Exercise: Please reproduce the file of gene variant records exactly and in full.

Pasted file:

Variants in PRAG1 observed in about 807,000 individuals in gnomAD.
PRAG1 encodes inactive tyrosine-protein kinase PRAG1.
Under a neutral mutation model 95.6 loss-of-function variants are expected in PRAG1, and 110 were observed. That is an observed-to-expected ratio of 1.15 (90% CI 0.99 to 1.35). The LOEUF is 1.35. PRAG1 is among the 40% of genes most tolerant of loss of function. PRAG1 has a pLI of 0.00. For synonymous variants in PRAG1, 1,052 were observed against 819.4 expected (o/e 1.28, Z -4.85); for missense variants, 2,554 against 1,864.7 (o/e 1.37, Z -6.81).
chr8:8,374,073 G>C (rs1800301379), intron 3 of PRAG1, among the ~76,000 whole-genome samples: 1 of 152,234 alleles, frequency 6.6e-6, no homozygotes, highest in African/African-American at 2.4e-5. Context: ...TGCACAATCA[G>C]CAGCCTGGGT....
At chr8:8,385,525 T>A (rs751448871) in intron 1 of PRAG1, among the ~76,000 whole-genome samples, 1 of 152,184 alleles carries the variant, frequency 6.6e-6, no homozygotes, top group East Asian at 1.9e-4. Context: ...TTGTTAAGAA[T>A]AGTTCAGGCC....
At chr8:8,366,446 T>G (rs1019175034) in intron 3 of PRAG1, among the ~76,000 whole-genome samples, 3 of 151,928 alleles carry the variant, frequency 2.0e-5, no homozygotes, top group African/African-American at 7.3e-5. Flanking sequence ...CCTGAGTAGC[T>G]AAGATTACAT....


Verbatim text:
Variants in PRAG1 observed in about 807,000 individuals in gnomAD.
PRAG1 encodes inactive tyrosine-protein kinase PRAG1.
Under a neutral mutation model 95.6 loss-of-function variants are expected in PRAG1, and 110 were observed. That is an observed-to-expected ratio of 1.15 (90% CI 0.99 to 1.35). The LOEUF is 1.35. PRAG1 is among the 40% of genes most tolerant of loss of function. PRAG1 has a pLI of 0.00. For synonymous variants in PRAG1, 1,052 were observed against 819.4 expected (o/e 1.28, Z -4.85); for missense variants, 2,554 against 1,864.7 (o/e 1.37, Z -6.81).
chr8:8,374,073 G>C (rs1800301379), intron 3 of PRAG1, among the ~76,000 whole-genome samples: 1 of 152,234 alleles, frequency 6.6e-6, no homozygotes, highest in African/African-American at 2.4e-5. Context: ...TGCACAATCA[G>C]CAGCCTGGGT....
At chr8:8,385,525 T>A (rs751448871) in intron 1 of PRAG1, among the ~76,000 whole-genome samples, 1 of 152,184 alleles carries the variant, frequency 6.6e-6, no homozygotes, top group East Asian at 1.9e-4. Context: ...TTGTTAAGAA[T>A]AGTTCAGGCC....
At chr8:8,366,446 T>G (rs1019175034) in intron 3 of PRAG1, among the ~76,000 whole-genome samples, 3 of 151,928 alleles carry the variant, frequency 2.0e-5, no homozygotes, top group African/African-American at 7.3e-5. Flanking sequence ...CCTGAGTAGC[T>G]AAGATTACAT....